Paper published in Journal of Climate

  • December 12, 2021
  • Abstracts
    • Understanding the systematic characteristics of tropical cyclones (TCs) represented in global climate models (GCMs) is important for reliable climate change impact assessments. The atmospheric GCM (AGCM) and ocean wave models were coupled by incorporating the wave-dependent momentum flux. Systematic impacts of wave-dependent momentum flux on TC characteristics were estimated by analyzing 100 historical TCs that occurred in the western North Pacific Ocean. Wave-dependent momentum flux parameterization considering wind and wave direction misalignment was used for assessing the wave–atmosphere interaction. The larger the wave age and misalignment are, the larger the drag coefficient is. The drag coefficient at the left-hand side of the TC was enhanced by the wave condition. It was found that the wave-dependent momentum flux did not have any impact on peak TC intensity. On the other hand, the wave-dependent momentum flux showed a significant impact on TC development during the early development stage. Although systematic differences in TC intensity at most developed stages were not detected, systematic differences in TC tracks between experiments were observed. The TC tracks of the wave-coupled AGCM tend to pass in a relatively eastward direction in comparison with those from the uncoupled AGCM. This is because the wave-dependent momentum flux in the coupled AGCM altered the environmental steering flow and the smaller beta effect of smaller TC at the early developing stage. Systematic differences in TC tracks have significant impacts on climate change assessments, such as extreme sea level changes in coastal regions due to climate change.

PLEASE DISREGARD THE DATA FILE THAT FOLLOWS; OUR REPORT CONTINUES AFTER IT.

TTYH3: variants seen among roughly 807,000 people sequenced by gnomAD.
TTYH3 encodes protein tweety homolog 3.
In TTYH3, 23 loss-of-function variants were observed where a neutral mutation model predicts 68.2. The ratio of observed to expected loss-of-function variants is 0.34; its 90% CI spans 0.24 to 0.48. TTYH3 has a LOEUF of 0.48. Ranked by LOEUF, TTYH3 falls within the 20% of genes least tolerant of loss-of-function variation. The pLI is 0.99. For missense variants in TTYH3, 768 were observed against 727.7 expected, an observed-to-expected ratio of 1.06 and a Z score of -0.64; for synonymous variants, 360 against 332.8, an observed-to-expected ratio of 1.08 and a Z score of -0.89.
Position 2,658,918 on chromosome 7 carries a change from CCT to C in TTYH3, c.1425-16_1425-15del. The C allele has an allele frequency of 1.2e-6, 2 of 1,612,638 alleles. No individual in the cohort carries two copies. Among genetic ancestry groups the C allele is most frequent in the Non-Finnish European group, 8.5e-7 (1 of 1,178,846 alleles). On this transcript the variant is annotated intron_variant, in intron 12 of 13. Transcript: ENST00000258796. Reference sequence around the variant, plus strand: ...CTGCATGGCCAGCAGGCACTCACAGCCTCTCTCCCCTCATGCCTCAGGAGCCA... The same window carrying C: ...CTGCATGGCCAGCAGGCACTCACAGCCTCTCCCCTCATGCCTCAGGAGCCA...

• Manuscript